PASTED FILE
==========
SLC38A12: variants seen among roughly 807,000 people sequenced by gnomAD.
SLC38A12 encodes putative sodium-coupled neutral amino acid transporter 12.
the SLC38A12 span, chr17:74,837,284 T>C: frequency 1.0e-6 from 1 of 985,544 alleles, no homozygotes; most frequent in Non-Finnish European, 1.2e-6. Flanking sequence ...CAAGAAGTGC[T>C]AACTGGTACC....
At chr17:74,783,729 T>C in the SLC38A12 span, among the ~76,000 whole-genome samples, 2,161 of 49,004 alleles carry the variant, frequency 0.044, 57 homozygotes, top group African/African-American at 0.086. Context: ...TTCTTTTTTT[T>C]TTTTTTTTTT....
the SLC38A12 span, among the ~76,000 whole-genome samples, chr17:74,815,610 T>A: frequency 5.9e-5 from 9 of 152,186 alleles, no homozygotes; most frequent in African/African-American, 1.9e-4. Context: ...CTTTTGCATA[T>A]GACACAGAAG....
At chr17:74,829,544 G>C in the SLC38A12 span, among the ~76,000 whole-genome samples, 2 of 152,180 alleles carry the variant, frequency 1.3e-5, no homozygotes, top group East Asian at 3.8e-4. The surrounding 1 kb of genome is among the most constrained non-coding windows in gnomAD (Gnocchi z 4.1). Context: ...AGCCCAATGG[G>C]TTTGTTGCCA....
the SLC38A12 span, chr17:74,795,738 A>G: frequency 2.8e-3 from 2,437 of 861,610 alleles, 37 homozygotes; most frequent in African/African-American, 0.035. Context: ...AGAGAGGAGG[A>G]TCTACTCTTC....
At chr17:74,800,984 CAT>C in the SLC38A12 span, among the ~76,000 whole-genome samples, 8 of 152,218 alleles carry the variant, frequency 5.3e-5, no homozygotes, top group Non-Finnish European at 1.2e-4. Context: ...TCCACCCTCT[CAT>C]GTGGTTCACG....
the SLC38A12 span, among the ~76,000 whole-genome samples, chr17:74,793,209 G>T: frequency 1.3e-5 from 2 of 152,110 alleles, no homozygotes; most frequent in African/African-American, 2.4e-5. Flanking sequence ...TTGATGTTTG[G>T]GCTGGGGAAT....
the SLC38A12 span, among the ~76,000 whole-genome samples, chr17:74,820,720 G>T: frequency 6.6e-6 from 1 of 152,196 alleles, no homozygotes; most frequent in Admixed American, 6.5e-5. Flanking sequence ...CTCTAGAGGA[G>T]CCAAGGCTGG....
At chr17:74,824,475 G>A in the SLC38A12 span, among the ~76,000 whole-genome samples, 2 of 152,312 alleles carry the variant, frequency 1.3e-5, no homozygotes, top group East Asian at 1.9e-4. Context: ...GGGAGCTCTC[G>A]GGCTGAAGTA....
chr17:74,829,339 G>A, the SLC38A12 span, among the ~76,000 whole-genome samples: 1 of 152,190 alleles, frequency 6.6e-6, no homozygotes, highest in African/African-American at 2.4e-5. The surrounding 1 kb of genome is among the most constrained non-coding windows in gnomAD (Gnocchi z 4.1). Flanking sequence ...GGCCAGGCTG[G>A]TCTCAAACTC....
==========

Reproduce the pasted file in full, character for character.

SLC38A12: variants seen among roughly 807,000 people sequenced by gnomAD.
SLC38A12 encodes putative sodium-coupled neutral amino acid transporter 12.
the SLC38A12 span, chr17:74,837,284 T>C: frequency 1.0e-6 from 1 of 985,544 alleles, no homozygotes; most frequent in Non-Finnish European, 1.2e-6. Flanking sequence ...CAAGAAGTGC[T>C]AACTGGTACC....
At chr17:74,783,729 T>C in the SLC38A12 span, among the ~76,000 whole-genome samples, 2,161 of 49,004 alleles carry the variant, frequency 0.044, 57 homozygotes, top group African/African-American at 0.086. Context: ...TTCTTTTTTT[T>C]TTTTTTTTTT....
the SLC38A12 span, among the ~76,000 whole-genome samples, chr17:74,815,610 T>A: frequency 5.9e-5 from 9 of 152,186 alleles, no homozygotes; most frequent in African/African-American, 1.9e-4. Context: ...CTTTTGCATA[T>A]GACACAGAAG....
At chr17:74,829,544 G>C in the SLC38A12 span, among the ~76,000 whole-genome samples, 2 of 152,180 alleles carry the variant, frequency 1.3e-5, no homozygotes, top group East Asian at 3.8e-4. The surrounding 1 kb of genome is among the most constrained non-coding windows in gnomAD (Gnocchi z 4.1). Context: ...AGCCCAATGG[G>C]TTTGTTGCCA....
the SLC38A12 span, chr17:74,795,738 A>G: frequency 2.8e-3 from 2,437 of 861,610 alleles, 37 homozygotes; most frequent in African/African-American, 0.035. Context: ...AGAGAGGAGG[A>G]TCTACTCTTC....
At chr17:74,800,984 CAT>C in the SLC38A12 span, among the ~76,000 whole-genome samples, 8 of 152,218 alleles carry the variant, frequency 5.3e-5, no homozygotes, top group Non-Finnish European at 1.2e-4. Context: ...TCCACCCTCT[CAT>C]GTGGTTCACG....
the SLC38A12 span, among the ~76,000 whole-genome samples, chr17:74,793,209 G>T: frequency 1.3e-5 from 2 of 152,110 alleles, no homozygotes; most frequent in African/African-American, 2.4e-5. Flanking sequence ...TTGATGTTTG[G>T]GCTGGGGAAT....
the SLC38A12 span, among the ~76,000 whole-genome samples, chr17:74,820,720 G>T: frequency 6.6e-6 from 1 of 152,196 alleles, no homozygotes; most frequent in Admixed American, 6.5e-5. Flanking sequence ...CTCTAGAGGA[G>T]CCAAGGCTGG....
At chr17:74,824,475 G>A in the SLC38A12 span, among the ~76,000 whole-genome samples, 2 of 152,312 alleles carry the variant, frequency 1.3e-5, no homozygotes, top group East Asian at 1.9e-4. Context: ...GGGAGCTCTC[G>A]GGCTGAAGTA....
chr17:74,829,339 G>A, the SLC38A12 span, among the ~76,000 whole-genome samples: 1 of 152,190 alleles, frequency 6.6e-6, no homozygotes, highest in African/African-American at 2.4e-5. The surrounding 1 kb of genome is among the most constrained non-coding windows in gnomAD (Gnocchi z 4.1). Flanking sequence ...GGCCAGGCTG[G>A]TCTCAAACTC....